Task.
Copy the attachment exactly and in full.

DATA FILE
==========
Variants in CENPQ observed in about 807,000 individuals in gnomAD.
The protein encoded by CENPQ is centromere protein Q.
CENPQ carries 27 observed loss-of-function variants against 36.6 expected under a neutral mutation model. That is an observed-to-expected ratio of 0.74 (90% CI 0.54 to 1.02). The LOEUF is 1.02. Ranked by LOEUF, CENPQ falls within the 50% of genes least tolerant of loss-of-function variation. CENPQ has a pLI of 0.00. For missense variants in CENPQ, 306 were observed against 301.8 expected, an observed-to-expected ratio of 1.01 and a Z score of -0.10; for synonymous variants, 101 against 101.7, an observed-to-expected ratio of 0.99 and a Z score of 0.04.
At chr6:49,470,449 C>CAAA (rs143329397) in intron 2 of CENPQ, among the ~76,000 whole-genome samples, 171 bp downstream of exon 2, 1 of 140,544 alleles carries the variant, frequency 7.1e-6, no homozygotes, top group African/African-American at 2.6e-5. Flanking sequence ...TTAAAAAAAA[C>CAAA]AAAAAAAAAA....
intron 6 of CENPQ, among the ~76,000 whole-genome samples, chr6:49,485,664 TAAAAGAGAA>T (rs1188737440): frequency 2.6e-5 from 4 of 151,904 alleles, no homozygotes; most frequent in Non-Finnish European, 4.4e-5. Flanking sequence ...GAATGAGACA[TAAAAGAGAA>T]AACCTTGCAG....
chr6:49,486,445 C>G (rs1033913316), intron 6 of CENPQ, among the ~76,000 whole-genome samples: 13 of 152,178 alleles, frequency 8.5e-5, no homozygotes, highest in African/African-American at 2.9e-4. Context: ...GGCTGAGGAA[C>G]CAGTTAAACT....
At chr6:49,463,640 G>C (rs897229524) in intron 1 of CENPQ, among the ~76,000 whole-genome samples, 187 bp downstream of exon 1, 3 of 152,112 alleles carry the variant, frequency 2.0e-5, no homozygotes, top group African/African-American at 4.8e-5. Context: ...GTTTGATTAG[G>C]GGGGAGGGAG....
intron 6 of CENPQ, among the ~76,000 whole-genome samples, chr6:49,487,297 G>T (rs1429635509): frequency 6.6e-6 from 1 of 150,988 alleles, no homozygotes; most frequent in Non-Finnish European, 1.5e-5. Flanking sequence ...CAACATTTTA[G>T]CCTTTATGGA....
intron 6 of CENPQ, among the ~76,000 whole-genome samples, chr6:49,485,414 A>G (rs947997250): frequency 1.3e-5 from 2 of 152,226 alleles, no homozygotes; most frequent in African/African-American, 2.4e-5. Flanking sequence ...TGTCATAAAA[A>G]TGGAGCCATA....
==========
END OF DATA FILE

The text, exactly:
Variants in CENPQ observed in about 807,000 individuals in gnomAD.
The protein encoded by CENPQ is centromere protein Q.
CENPQ carries 27 observed loss-of-function variants against 36.6 expected under a neutral mutation model. That is an observed-to-expected ratio of 0.74 (90% CI 0.54 to 1.02). The LOEUF is 1.02. Ranked by LOEUF, CENPQ falls within the 50% of genes least tolerant of loss-of-function variation. CENPQ has a pLI of 0.00. For missense variants in CENPQ, 306 were observed against 301.8 expected, an observed-to-expected ratio of 1.01 and a Z score of -0.10; for synonymous variants, 101 against 101.7, an observed-to-expected ratio of 0.99 and a Z score of 0.04.
At chr6:49,470,449 C>CAAA (rs143329397) in intron 2 of CENPQ, among the ~76,000 whole-genome samples, 171 bp downstream of exon 2, 1 of 140,544 alleles carries the variant, frequency 7.1e-6, no homozygotes, top group African/African-American at 2.6e-5. Flanking sequence ...TTAAAAAAAA[C>CAAA]AAAAAAAAAA....
intron 6 of CENPQ, among the ~76,000 whole-genome samples, chr6:49,485,664 TAAAAGAGAA>T (rs1188737440): frequency 2.6e-5 from 4 of 151,904 alleles, no homozygotes; most frequent in Non-Finnish European, 4.4e-5. Flanking sequence ...GAATGAGACA[TAAAAGAGAA>T]AACCTTGCAG....
chr6:49,486,445 C>G (rs1033913316), intron 6 of CENPQ, among the ~76,000 whole-genome samples: 13 of 152,178 alleles, frequency 8.5e-5, no homozygotes, highest in African/African-American at 2.9e-4. Context: ...GGCTGAGGAA[C>G]CAGTTAAACT....
At chr6:49,463,640 G>C (rs897229524) in intron 1 of CENPQ, among the ~76,000 whole-genome samples, 187 bp downstream of exon 1, 3 of 152,112 alleles carry the variant, frequency 2.0e-5, no homozygotes, top group African/African-American at 4.8e-5. Context: ...GTTTGATTAG[G>C]GGGGAGGGAG....
intron 6 of CENPQ, among the ~76,000 whole-genome samples, chr6:49,487,297 G>T (rs1429635509): frequency 6.6e-6 from 1 of 150,988 alleles, no homozygotes; most frequent in Non-Finnish European, 1.5e-5. Flanking sequence ...CAACATTTTA[G>T]CCTTTATGGA....
intron 6 of CENPQ, among the ~76,000 whole-genome samples, chr6:49,485,414 A>G (rs947997250): frequency 1.3e-5 from 2 of 152,226 alleles, no homozygotes; most frequent in African/African-American, 2.4e-5. Flanking sequence ...TGTCATAAAA[A>G]TGGAGCCATA....